When NASA launched its Submillimeter Wave Astronomy Satellite (SWAS) little more than two years ago, astronomers expected it to collect data confirming certain key ideas about interstellar clouds, the pools of gas and dust from which stars are born. In particular, they believed that the radio astronomy observatory would find relatively ample amounts of water vapor and molecular oxygen. But according to new results, that isn't the case: water seems to be 10,000 times less abundant than was previously thought; molecular oxygen is at least 100 times less abundant than predicted and perhaps 1,000 times more scarce. "There's not much to drink there, and it's hard to breathe," says Cornell University astronomer Paul Goldsmith, one of 12 members of the satellite science team.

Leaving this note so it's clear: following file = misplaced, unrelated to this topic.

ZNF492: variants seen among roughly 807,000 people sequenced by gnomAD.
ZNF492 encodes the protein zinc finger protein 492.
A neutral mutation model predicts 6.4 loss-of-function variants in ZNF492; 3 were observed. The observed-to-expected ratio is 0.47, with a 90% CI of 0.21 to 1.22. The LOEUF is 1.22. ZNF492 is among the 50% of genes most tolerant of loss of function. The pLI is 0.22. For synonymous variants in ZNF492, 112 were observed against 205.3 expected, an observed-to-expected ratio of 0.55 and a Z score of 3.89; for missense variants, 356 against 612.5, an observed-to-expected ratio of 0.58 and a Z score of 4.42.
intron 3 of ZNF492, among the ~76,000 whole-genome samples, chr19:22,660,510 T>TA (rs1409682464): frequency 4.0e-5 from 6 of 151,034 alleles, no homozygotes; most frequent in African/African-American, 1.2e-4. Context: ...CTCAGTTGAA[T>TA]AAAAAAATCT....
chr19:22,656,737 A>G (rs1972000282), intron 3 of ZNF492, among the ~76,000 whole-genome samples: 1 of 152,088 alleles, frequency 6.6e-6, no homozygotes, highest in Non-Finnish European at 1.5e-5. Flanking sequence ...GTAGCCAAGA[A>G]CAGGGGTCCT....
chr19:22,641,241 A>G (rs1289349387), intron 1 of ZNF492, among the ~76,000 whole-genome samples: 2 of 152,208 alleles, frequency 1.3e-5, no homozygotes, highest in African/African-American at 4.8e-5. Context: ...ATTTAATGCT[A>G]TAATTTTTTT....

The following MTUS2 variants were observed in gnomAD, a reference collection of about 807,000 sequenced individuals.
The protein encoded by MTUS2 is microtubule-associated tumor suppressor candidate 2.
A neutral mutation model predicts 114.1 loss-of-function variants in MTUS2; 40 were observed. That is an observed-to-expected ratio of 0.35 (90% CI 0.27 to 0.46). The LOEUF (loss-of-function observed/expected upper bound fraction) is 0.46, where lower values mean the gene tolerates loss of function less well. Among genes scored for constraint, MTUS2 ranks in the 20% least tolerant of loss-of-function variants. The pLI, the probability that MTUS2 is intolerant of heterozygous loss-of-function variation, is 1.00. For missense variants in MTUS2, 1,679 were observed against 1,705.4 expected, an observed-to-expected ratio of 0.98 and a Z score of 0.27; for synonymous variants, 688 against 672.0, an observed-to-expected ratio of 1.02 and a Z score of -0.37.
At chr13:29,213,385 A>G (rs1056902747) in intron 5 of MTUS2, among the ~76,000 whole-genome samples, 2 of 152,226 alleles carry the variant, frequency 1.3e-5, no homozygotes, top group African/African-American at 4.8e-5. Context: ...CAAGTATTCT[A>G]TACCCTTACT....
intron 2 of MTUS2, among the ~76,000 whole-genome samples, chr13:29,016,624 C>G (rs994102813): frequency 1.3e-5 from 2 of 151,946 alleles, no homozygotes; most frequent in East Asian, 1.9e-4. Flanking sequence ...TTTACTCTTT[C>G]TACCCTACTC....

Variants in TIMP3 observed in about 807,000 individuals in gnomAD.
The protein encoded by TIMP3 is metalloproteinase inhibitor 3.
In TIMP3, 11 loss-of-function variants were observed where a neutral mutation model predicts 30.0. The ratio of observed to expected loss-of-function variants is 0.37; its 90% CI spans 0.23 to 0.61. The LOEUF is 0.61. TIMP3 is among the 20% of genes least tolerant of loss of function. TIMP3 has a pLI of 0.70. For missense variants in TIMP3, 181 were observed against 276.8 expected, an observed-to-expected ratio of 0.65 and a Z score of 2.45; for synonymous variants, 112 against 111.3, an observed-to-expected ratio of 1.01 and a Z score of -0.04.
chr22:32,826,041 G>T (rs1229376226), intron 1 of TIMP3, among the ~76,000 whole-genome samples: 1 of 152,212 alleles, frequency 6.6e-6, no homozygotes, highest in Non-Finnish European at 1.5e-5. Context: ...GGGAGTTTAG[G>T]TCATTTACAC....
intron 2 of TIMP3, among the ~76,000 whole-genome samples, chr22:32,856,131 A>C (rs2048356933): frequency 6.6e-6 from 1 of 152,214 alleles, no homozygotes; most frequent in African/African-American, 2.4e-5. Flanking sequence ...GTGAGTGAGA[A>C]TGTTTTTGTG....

The astronomers struggle to explain this lack of water and oxygen. Because the interstellar clouds are as cold as 30 degrees above absolute zero (or minus 240 degrees Celsius), they say, water may be frozen on dust grains in the clouds and thus are not detectable by radio astronomy. The missing oxygen, however, is much harder to account for. "Since oxygen is the third most abundant atom in the universe, after hydrogen and helium, we ought to be able to understand where the oxygen atoms are and in what form. And they certainly don't seem to be in molecular oxygen in the gas phase as predictions would have it," Goldsmith says. "It really is a dilemma for interstellar chemistry, but it might be a hint that something is wrong with our picture of the structure of these giant clouds." Because these findings are so far off from what was expected, the scientists hope that NASA will extend SWAS's planned three-year mission into a fourth year or more.